Crazy Like Us is a book written by Ethan Watters. Through this book, Ethan explores the spread of anorexia, post-traumatic stress disorder, depression, and schizophrenia. Through case studies, the author explains the causes, and symptoms of Anorexia in Hong Kong, depression in Japan, post-traumatic stress disorder in Sri Lanka, and how Schizophrenia came to Zanzibar. Moreover, he explains how these disorders are prevalent in the Eastern nations due to the American influence. In addition, Ethan Watters outlines the implications of the American influence, and the urgent need to treat these illnesses in a culturally suitable framework. Ethan states that, American influence changes a lot the way many nations view these disorders, and the American mental health treatments do not work well with the cultural treatment of many nations.
Anorexia in Hong Kong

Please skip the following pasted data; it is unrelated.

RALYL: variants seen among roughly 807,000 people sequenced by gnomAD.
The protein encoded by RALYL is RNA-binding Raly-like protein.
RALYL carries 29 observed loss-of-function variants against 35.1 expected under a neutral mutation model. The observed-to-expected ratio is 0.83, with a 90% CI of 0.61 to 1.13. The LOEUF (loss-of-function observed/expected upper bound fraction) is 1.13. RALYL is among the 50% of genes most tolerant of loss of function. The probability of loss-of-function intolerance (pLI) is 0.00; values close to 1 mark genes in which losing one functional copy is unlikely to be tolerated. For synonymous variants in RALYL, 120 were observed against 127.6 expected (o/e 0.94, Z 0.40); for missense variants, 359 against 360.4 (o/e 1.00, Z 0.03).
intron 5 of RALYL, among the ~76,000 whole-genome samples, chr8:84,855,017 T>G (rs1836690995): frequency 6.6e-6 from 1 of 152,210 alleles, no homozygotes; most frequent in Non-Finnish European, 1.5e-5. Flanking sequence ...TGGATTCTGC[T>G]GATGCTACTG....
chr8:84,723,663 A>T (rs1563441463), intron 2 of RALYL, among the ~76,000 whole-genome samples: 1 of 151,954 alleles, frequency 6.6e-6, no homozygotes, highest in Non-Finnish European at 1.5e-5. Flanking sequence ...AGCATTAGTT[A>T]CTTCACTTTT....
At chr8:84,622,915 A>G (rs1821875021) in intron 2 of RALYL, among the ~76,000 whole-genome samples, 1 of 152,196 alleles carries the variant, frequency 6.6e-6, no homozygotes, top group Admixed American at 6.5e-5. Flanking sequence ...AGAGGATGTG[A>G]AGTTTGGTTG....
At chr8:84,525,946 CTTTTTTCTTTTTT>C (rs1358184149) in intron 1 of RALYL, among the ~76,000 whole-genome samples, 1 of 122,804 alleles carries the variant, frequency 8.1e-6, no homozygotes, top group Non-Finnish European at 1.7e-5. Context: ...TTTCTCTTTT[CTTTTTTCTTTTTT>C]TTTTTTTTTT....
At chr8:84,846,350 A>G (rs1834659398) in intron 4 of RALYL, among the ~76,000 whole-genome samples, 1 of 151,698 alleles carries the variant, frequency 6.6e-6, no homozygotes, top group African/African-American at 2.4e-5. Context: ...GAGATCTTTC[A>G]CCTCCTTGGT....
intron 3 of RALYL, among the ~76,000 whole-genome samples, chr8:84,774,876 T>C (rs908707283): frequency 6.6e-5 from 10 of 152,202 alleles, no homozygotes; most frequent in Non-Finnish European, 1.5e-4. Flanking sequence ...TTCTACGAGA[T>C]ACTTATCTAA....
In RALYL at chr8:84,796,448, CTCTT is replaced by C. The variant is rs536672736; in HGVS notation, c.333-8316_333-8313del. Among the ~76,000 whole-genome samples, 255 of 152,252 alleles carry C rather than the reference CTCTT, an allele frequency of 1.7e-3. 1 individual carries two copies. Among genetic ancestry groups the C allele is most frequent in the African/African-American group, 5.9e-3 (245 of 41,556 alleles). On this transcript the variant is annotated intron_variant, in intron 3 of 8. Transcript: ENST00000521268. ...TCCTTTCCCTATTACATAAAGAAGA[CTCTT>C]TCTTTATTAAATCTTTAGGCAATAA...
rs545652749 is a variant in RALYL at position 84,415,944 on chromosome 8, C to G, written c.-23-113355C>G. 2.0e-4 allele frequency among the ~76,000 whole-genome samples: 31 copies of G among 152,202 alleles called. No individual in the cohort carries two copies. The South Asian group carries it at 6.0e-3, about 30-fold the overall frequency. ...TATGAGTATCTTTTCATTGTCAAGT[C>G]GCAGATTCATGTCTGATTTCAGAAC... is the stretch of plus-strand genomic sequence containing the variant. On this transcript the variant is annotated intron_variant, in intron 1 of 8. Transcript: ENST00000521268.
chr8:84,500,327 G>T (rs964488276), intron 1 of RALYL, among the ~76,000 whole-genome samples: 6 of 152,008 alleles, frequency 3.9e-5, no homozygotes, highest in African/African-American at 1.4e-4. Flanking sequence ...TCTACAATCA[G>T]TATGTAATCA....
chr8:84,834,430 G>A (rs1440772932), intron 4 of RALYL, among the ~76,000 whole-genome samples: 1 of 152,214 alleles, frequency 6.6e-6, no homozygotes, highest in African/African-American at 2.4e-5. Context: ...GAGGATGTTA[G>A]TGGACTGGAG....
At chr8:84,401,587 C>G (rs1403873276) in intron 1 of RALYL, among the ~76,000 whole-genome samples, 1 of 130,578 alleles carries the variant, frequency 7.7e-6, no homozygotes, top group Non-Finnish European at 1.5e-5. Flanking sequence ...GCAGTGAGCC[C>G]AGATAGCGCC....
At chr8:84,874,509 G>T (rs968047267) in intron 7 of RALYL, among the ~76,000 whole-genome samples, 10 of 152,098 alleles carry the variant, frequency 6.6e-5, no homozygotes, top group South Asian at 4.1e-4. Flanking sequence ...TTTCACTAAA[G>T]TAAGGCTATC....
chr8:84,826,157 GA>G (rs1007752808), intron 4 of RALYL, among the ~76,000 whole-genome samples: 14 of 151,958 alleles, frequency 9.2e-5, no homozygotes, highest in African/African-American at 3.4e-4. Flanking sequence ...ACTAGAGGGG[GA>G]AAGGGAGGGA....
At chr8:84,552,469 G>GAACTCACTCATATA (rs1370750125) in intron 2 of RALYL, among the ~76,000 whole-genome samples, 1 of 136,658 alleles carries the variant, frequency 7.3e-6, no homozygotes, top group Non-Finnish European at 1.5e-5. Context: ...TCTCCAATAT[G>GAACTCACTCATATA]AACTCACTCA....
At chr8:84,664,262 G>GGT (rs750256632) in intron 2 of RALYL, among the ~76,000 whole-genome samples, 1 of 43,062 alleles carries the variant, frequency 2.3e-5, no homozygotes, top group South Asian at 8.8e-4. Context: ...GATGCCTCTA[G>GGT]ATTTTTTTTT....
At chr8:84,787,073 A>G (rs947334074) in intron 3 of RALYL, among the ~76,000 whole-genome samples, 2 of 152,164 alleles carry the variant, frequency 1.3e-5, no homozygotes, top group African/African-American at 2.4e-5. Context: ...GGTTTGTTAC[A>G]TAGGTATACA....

Anorexia is a life threatening eating disorder that is characterized by self-starvation, and the urge to lose weight. The obsession of losing weight and the food one eats can lead to anorexia nervosa which is a serious mental disorder. Ethan Watters opens his arguments with the emergence of anorexia in Hong Kong (Watters 16). Watters argues that before, anorexia was a rare and unknown disorder in Hong Kong until it was replaced by the American version. The Asian community has been known for having an obsession for food whereby they share large amounts of meals with family, the issue of food refusal was not in the picture. This disorder of self starvation, and the urge to lose weight was started by adolescents in distress of gaining weight more than their peers because of western influence. The adolescents were impacted by the new wave of cultural shifts, and individualism. Watters use Dr. Lee who is a researcher that focused on discovering why Hong Kong women automatically began expressing their mental distress as anorexia nervosa. According to Dr. Lee, the type of anorexia in Hong Kong was triggered by an adolescent being separated from the boyfriend, and the fear of gaining weight and this makes them not to feel hungry. Moreover, the adolescents Dr. Lee treated confessed to him that they experienced stomach upsets, blockage and fullness and so, this prevented them from eating because they did not feel hungry any more. Dr, Lee treated a number of them and all they wished for was to regain their normal weight. Dr. Lee through his research decided to find out about anorexia on his own, and he created it on himself. He did exactly what his patients had explained to him, not eating and wanting to lose weight and his hunger became easy to ignore. In his research by creating his own anorexia, Dr. Lee found out that, Anorexia in Hong Kong being spread by the western culture, and the women created the diseases on their own so as to embrace the current western culture. In addition, each woman with anorexia had her personal reasons for not eating and so, they were the causes of their own anorexia. Consequently, as many women began to starve themselves with reasons better known to them, the disorder spread all over Hong Kong and the media and reporters began to look for the description of the disease from western experts (Chan & Ma 180). According to Dr. Lee, the more the number of women suffering from anorexia increased, the more the media gave attention to the subject thus attracting the western experts. Dr, Lee believes that, anorexia took a turn in Hong Kong in 1997 (706), whereby fat phobia now became the most important reason for self starvation for many women. However, most of the patients were treated with the western diagnosis by 2007. In essence, according to Ethan Watters, the spread of American culture also contributed to the spread on anorexia in Hong Kong because, they replaced the anorexia known in Hong Kong with their own anorexia and treatments. (Watters 56). American influence introduced a form of anorexia which influenced the youth to starve in order to lose weight.